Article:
Jakers Bar and Grill put down roots on Eagle Road in Meridian many moons before a profusion of corporate eateries clogged the thoroughfares of Idaho’s fastest-growing city.
It’s as if the local chain restaurant saw what was coming, then confidently positioned itself slightly off the bustling boulevard and watched the suburban landscape fill in around it. The looming and luxurious new Scentsy headquarters casts a shadow from across Eagle Road, surely bringing in a steady stream of customers.
Some folks might remember, back in the day, when Jakers had a spot next to ParkCenter Pond in Boise. Of course, that location is long gone — it became Barbacoa — but diners around here still connect with Jakers in an affectionate way. This possibly could have to do with the fact that the chain is rooted in Southern Idaho — with locations in Meridian, Twin Falls and Idaho Falls, as well as Montana locations in Missoula and Great Falls.
Or it could be the juicy prime rib and big baked potatoes that lure people in. After all, Idahoans love their meat and spuds.
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Jakers is a steakhouse concept at heart, with a big lounge area meant for sipping martinis and pints of microbrews. There’s even an old-school salad bar.
At first glance, the menu seems outdated: coconut prawns, seared ahi tuna and potato skins. But in the world of food, what’s antiquated often becomes trendy again. I’m not saying that’s the case here — not yet anyway — but there’s something timeless about crab-stuffed mushrooms and London broil steaks. Plus, the restaurant has a separate gluten-free menu and plenty of vegetarian options, bringing it into the 21st century.
Jakers offers appetizer deals during happy hour (4 to 6 p.m. and 9 p.m. to close daily; all day Sunday).
One evening, I went classic with an order of oven-blistered button mushrooms ($12/happy hour) brimming with creamy and sweet crab meat beneath a crust of golden-brown parmesan, simply garnished with chopped parsley.
Restaurants that serve prime rib daily typically find other uses for the meat. This is the case at Jakers, where prime rib also gets purposed for appetizers such as prime-rib sliders ($8/happy hour). I was expecting little slider buns, yet we received what appeared to be a French dip sandwich. In other words, a crusty roll (cut into three pieces) encased around shaved, pink ribbons of prime rib and gooey Swiss cheese, served with au jus and creamy horseradish.
I didn’t go for the salad bar, but it appeared to be well-maintained and packed with all kinds of fresh-looking options. Instead, I chose the strawberry-chicken salad ($14), a shallow bowl of chopped romaine — pocked with sticky candied pecans, bell pepper, red onion and puffs of feta — garnished with a relatively tender blackened chicken breast and cut strawberries. It’s an excellent entrée salad, yet the side of poppy seed dressing was too sweet for my liking.
As for beef entrées, the choice was hard, especially for a ravenous carnivore like myself. I settled on the braised beef short ribs ($22), toothsome and tender, served on a mound of creamy mashed potatoes next to a stack of woody asparagus spears. A dark horseradish demi-glace bolstered the pot roast-like flavors. The entrée, in my case, came with a small green salad.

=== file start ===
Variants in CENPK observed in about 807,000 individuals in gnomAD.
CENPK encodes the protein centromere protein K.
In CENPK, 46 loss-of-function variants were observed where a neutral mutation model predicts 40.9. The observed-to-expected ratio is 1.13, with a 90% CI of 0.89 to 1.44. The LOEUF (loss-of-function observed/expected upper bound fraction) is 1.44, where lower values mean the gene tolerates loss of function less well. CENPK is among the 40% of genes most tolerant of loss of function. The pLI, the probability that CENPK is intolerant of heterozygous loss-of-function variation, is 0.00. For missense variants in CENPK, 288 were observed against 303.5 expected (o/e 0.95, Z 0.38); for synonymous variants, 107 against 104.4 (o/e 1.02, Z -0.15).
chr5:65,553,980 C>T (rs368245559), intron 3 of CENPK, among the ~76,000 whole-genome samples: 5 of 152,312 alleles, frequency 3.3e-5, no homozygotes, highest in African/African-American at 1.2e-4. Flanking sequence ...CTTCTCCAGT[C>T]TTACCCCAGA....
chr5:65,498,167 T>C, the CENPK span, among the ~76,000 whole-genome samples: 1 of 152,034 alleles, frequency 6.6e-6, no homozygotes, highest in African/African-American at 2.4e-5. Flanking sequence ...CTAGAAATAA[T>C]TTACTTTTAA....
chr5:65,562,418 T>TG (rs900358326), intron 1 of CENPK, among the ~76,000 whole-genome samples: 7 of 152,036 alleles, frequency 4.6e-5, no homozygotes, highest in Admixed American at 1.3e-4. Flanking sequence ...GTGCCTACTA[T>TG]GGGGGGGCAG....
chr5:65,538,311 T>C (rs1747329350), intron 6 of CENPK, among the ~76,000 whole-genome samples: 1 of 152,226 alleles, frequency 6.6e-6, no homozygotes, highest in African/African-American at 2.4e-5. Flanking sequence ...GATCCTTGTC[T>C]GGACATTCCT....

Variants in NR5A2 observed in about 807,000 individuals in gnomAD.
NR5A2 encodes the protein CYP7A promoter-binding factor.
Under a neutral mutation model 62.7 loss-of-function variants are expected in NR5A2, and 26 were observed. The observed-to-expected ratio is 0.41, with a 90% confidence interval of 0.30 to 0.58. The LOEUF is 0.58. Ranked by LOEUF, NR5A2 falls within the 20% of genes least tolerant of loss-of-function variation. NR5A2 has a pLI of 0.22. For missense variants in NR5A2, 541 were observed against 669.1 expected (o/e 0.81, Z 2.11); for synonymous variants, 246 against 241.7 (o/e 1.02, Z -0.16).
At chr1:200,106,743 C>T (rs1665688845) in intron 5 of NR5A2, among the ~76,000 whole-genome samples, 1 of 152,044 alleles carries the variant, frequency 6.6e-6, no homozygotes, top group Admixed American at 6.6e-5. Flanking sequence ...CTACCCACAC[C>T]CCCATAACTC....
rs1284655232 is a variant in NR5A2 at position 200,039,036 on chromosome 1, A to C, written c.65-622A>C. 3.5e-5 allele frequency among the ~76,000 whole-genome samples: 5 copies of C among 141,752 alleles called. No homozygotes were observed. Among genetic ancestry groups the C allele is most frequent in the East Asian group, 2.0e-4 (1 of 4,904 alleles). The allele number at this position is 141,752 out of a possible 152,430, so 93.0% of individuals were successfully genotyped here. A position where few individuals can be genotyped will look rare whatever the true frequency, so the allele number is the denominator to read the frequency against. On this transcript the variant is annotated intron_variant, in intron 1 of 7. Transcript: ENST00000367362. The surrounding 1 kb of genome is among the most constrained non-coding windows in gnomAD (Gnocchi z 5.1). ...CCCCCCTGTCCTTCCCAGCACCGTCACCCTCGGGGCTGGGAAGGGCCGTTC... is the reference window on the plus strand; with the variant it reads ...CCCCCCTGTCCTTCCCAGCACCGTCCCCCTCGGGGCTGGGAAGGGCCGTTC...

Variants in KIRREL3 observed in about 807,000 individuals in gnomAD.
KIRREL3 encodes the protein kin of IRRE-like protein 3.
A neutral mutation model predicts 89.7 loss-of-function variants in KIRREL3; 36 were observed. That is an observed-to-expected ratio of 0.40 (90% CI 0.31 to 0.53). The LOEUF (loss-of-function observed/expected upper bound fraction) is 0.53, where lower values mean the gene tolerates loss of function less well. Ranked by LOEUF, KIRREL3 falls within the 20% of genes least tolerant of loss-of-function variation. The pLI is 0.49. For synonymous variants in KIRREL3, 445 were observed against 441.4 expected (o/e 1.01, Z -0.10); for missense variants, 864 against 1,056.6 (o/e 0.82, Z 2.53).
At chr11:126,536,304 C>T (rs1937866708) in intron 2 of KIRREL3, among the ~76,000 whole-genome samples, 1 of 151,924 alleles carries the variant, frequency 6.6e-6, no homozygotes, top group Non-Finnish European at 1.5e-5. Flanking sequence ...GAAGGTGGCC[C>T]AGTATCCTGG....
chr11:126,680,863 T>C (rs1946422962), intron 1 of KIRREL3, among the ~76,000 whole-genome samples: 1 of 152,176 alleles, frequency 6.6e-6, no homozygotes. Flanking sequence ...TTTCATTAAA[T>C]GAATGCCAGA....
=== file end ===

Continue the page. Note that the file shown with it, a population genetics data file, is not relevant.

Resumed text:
Jakers puts out excellent hand-dipped fish and chips ($17). Big pieces of fresh-as-possible cod — coated in crispy and light tempura batter spiked with Widmer ale — are served with hand-cut fries, slaw, lemon wedges, dill pickle-studded tartar sauce and Thousand Island dressing.
At lunch, the restaurant offers a scaled-down version of the dinner menu and a larger burger and sandwich selection.
I went into the way-back machine with some classic potato skins ($9), a plate of crunchy spud shells topped with large chunks of smoky bacon, melted jack and cheddar cheeses, and chopped scallion, served with sides of ranch dressing and sour cream.
The steakhouse-style club sandwich ($12.95) really stands out, with its triple-decker stratum of pinkish prime rib, crispy bacon, turkey, Swiss cheese, lettuce and tomato on toasted sourdough with a skiff of mayonnaise. The cut sandwich encircled a pile of golden-brown fries.
I wasn’t nearly as happy with a grilled salmon entrée ($16.95), mostly because the fillet got overcooked and had an off-putting fishy taste. A sheen of black pepper-garlic sauce on top did its best to mask the stench. Plus, the side of jasmine rice underneath the salmon, also served with perfectly steamed broccoli flowerettes, was incredibly greasy.
Like at all restaurants, Jakers does some things better than others. But, for the most part, beef and seafood is the name of the game here.
Statesman reviewers pay for their meals and attempt to dine anonymously. Email James Patrick Kelly: firstname.lastname@example.org.
Jakers Bar and Grill
Address: 3268 Pine St., Meridian
Phone: (208) 288-0898
Hours: Lunch: 11 a.m. to 4 p.m. Monday-Friday; Dinner: 4 to 10 p.m. Monday-Saturday, 2 to 8 p.m. Sunday; and Sunday brunch: 11 a.m. to 2 p.m.
Menu price range: appetizers, soups and salads $5-$17; entrées $17-$39
Libation situation: Full-service bar with an emphasis on martinis and other old-school cocktails, draft beers (five rotating tap handles of local brews and some standard domestic beers) and a well-rounded wine list.
Kid friendly? Yes. There’s a menu for the wee ones.
Wheelchair accessible? Yes